Grand Duchess Olga Aleksandrovna, the last surviving member of Nicholas II’s immediate family, recalls her life and relationship with her brother’s family.
This includes personal reminisces from the childhood and reign of Nicholas II. Also a first-hand account of escape from the Bolshevik regime and life in exile from a member of the imperial family. More
The Grand Duchess Olga wrote her memoirs as a personal account of the final years of Imperial Russia. The youngest daughter of Alexander III and sister of Nicholas II, Olga was brought up in a happy and loving environment, where the wealth and majesty of the Russian court seemed forever assured. With an artist's eye for detail, she records her life against the background of the historical events, which shook the world.
Her marriage to Prince Peter of Oldenburg failed, and she saw at first hand the horror and suffering while nursing in a field hospital during The Great War. At the onset of the Revolution in 1917, Olga and her new husband Nicholas Kulikovsky moved first to The Crimea and in early 1919 to the Caucasus, which was under White Russian control. When the Red Army moved in, Nicholas and Olga, with their two children, managed to escape to Denmark, and her mother's home. After the end of WWII the family emigrated to Canada to avoid the dangers posed by Soviet occupation of Danish territory. They settled in Toronto and Olga died there in 1960, the last Grand Duchess of the Imperial family.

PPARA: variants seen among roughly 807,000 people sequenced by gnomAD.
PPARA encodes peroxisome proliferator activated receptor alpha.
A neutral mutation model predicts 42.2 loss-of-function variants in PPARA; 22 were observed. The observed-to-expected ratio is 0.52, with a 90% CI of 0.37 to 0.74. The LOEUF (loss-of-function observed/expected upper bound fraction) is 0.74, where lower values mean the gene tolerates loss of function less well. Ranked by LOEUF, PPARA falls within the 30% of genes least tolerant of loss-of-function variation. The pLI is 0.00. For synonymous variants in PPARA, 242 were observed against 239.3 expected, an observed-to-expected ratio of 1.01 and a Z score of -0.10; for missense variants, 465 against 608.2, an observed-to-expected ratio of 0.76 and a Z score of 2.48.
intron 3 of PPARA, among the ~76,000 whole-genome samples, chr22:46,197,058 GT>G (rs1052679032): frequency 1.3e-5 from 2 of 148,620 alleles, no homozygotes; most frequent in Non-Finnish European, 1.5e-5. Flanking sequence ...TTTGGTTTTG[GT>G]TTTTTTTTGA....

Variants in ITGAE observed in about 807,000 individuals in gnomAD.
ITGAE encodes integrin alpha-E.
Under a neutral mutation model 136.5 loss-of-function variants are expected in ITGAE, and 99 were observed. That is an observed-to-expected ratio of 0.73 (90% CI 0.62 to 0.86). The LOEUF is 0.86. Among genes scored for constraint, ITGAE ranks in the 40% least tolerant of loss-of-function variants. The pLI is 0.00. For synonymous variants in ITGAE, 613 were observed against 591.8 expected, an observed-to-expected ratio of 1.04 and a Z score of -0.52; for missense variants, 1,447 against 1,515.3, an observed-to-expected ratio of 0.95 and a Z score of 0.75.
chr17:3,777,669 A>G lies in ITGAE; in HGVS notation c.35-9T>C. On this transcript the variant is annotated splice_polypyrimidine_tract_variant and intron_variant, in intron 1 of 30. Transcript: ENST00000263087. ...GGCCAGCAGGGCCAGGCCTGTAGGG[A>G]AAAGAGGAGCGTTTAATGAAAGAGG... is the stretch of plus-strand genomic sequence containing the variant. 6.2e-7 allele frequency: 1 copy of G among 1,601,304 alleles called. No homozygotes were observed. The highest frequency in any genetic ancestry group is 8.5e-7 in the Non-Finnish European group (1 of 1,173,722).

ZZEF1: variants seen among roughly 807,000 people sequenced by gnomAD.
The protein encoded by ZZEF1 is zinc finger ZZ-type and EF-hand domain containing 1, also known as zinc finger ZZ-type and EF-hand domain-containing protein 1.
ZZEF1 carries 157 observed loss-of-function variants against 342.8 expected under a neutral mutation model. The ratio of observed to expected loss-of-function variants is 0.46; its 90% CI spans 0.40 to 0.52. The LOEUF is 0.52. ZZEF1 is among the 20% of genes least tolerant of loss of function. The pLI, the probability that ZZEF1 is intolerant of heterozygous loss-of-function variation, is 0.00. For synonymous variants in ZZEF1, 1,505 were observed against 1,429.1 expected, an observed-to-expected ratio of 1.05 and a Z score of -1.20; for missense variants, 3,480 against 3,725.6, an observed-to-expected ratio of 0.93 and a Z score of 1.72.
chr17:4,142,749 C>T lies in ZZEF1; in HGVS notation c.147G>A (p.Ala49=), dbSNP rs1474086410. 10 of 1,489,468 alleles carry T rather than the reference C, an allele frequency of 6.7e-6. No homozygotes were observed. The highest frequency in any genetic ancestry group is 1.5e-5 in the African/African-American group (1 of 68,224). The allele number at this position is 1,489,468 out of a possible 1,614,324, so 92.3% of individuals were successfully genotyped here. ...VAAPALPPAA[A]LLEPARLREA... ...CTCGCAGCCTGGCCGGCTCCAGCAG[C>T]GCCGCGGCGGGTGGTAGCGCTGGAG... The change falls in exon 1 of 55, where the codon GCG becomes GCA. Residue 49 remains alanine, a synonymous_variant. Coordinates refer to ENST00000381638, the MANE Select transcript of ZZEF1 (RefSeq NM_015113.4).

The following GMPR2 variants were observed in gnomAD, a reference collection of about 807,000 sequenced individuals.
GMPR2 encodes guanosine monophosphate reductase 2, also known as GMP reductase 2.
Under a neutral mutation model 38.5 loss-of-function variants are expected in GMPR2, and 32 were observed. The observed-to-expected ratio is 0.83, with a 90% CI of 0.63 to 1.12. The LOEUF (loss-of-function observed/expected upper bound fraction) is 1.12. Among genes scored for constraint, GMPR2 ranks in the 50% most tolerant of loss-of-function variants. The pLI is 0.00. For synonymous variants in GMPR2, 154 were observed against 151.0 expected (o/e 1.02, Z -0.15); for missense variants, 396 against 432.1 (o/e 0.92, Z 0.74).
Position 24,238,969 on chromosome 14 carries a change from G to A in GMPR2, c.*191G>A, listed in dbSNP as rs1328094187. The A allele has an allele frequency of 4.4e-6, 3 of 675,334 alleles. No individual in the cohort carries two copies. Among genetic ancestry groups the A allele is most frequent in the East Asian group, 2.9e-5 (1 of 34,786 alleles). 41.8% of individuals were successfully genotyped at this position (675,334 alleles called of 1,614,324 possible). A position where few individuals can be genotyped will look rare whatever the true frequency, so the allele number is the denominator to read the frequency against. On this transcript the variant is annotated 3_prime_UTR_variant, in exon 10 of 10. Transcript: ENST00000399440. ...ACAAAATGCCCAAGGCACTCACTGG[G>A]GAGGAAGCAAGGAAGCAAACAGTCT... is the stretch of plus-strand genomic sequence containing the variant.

Grand Duchess Olga's account is all the more poignant for her matter-of-fact narrative, which fails to hide her deep humanity towards those less fortunate than herself. Containing many letters and pictures this is the first time her personal account has been fully published in English